You can’t avoid taxes, even after your retirement. As the money you receive as a pension is classed as income and on most of the income; you need to pay tax. Therefore, when you are planning for your retirement, you need to consider how tax on pension works. What are the tax reliefs you can benefit from and how much tax you are going to pay when you get retired?
This guide will help you to get the most out of your retirements savings, how you can reduce unnecessary losses and maximise your income after your retirement. Let’s dig into it!
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How Much Do You pay Tax on Pension?
Like other income, you also need to pay tax on your pension. The amount of tax you pay is based on your total taxable income. Taxable income includes:
- Income from employment or business
- Income from pensions (state or private pension)
- Income from savings
- Property income
The amount of tax you need to pay on your pension over your lifetime allowance(£1,073,100) is:
- 55% (if you get it as a lump sum)
- 25% if you get it any other way (like pension payments or cash withdrawals)
How Much Your Pension Income is Tax-Free?
You are not required to pay tax on:
- the personal allowance, the first £12,570 in (2021-22)
- up to £6,000 of savings income per year
- up to 25% of your personal pension build up in a pension (on defined contribution pension, the most common one)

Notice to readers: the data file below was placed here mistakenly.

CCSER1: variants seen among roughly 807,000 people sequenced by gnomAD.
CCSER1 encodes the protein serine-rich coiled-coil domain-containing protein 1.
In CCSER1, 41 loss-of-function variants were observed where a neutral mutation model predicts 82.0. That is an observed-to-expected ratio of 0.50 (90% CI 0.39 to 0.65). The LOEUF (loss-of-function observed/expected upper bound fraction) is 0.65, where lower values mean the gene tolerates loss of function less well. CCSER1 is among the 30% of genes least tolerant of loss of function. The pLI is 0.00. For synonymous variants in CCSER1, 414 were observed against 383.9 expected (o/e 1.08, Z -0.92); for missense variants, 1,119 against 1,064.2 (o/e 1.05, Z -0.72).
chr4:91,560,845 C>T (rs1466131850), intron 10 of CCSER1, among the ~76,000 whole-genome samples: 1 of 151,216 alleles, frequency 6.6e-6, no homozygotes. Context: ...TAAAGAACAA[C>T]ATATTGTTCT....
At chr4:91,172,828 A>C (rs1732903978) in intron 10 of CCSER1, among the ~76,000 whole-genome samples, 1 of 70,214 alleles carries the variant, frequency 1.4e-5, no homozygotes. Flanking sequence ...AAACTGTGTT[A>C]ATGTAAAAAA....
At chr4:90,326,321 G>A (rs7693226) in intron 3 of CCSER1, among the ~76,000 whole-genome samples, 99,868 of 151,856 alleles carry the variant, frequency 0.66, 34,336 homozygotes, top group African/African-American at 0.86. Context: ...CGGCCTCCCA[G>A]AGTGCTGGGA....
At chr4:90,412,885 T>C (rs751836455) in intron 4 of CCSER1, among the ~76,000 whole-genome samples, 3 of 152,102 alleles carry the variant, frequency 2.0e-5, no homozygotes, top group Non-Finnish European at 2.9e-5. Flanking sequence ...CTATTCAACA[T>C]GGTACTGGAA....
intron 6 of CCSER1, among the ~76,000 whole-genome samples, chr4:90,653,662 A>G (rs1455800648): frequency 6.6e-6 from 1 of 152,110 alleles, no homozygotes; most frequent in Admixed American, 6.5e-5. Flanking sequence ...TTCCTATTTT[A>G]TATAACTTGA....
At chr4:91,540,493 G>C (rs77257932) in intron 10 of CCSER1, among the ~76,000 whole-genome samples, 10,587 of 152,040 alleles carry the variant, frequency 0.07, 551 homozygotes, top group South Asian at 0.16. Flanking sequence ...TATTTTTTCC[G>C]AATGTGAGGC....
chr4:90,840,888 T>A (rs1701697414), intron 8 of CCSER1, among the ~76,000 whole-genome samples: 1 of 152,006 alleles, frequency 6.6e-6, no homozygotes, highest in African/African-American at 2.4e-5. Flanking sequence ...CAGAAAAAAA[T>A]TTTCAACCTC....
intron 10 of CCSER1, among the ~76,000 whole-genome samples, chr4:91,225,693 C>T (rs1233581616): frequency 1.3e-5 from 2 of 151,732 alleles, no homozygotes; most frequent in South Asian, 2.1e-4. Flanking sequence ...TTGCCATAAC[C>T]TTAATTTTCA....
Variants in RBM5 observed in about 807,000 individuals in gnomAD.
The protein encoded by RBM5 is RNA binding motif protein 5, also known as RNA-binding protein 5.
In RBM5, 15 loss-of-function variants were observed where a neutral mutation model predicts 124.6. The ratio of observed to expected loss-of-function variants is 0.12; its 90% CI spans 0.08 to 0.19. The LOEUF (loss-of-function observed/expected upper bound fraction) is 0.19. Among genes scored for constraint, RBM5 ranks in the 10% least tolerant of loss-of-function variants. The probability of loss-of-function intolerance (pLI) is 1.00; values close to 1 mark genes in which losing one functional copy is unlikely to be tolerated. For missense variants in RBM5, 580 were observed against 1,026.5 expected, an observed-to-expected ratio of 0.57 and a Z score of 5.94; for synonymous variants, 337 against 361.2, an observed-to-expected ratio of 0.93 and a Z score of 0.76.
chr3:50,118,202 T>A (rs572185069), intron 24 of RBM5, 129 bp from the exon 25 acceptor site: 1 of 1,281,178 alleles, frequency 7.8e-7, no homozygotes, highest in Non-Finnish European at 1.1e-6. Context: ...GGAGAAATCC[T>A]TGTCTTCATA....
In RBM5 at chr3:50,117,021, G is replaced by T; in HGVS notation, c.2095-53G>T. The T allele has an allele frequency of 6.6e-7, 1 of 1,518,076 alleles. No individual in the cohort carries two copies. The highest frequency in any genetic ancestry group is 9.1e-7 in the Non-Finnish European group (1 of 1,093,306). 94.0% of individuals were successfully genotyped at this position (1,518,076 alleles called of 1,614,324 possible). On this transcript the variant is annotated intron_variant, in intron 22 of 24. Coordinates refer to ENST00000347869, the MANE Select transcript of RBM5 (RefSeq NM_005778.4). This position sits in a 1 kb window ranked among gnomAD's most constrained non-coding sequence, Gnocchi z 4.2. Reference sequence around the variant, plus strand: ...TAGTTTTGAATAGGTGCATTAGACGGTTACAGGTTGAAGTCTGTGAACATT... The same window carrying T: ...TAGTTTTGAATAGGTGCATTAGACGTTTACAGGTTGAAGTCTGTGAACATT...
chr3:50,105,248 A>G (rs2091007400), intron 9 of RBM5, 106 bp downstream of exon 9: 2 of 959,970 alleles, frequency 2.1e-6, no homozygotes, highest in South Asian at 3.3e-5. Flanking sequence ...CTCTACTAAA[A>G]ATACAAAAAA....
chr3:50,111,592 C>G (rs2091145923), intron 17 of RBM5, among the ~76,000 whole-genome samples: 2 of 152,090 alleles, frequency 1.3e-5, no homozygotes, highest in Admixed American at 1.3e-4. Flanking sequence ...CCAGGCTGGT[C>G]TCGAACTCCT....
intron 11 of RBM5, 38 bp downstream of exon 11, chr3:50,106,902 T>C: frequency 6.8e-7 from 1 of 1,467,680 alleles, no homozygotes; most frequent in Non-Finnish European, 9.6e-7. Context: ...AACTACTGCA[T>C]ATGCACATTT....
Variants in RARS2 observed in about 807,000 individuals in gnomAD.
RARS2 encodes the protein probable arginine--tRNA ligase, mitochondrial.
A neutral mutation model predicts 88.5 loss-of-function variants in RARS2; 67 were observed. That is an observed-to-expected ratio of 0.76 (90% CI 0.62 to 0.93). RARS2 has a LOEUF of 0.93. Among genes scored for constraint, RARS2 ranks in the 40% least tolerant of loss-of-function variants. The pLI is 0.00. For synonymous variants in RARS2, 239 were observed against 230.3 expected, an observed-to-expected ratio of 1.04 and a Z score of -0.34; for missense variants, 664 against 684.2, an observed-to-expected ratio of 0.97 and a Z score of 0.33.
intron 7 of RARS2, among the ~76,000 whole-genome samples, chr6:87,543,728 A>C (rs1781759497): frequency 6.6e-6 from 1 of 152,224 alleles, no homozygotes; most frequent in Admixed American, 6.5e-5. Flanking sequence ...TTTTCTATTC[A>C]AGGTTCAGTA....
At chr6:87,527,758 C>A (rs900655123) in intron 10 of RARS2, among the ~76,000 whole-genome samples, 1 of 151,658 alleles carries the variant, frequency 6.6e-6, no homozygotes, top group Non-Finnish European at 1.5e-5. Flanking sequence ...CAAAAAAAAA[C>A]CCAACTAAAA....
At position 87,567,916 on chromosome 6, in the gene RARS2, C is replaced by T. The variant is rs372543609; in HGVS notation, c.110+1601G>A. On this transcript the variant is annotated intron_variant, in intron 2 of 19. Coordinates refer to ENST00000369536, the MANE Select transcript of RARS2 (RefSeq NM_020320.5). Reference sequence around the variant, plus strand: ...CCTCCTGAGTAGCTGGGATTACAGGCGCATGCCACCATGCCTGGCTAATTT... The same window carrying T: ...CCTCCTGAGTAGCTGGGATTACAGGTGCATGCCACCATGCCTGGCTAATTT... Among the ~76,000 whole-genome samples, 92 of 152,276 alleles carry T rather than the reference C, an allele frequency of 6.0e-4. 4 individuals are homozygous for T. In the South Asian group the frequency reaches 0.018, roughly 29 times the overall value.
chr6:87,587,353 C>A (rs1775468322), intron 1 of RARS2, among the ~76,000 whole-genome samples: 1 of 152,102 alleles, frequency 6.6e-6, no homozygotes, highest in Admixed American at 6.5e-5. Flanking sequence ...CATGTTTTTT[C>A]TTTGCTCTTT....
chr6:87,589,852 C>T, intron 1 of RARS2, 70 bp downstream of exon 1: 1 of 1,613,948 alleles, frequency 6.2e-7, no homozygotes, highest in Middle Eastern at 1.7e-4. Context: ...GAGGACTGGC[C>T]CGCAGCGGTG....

The tax you will pay on your pension is based on your total income minus allowances. If your private pension is over £1,073,100, your pension provider will deduct the charge before you get your payment. If you get a state pension, HMRC will deduct it automatically from your pension pot. The rest of your pension is taxable in the normal way.
Confused? Why not speak to one of our pension experts and see how we can help you are looking for!
How to Avoid Paying Taxes on Pension?
You can avoid paying extra tax on your pension by withdrawing a low amount of your income from your pension pot. Obviously, you need to take as much income to live a comfortable life. However, unlike a salary, you’d not get enough advantage by taking out more income than required. It is preferable to leave money inside your pension until you need it.
Moreover, you can also take benefit from the drawdown scheme. This scheme helps you to vary your income on an annual basis, leading you to increased tax savings.
In case you have an annuity, you can’t enjoy this flexibility as annuity income will be the same every year. But still, the drawdown scheme comes with its own risks.
Quick Sum Up
We hope that after giving this blog a read, you now have a better understanding of how a tax on pension works, how much is your pension income tax-free and how can you avoid paying too much tax. Note that this post is just a basic overview of the topic, it doesn’t cover the complex tax issues related to pension. Remember, your pension might be subject to additional taxes if it has grown too large or exceeded the lifetime allowance.
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Disclaimer: This blog is a basic overview of the tax on pensions.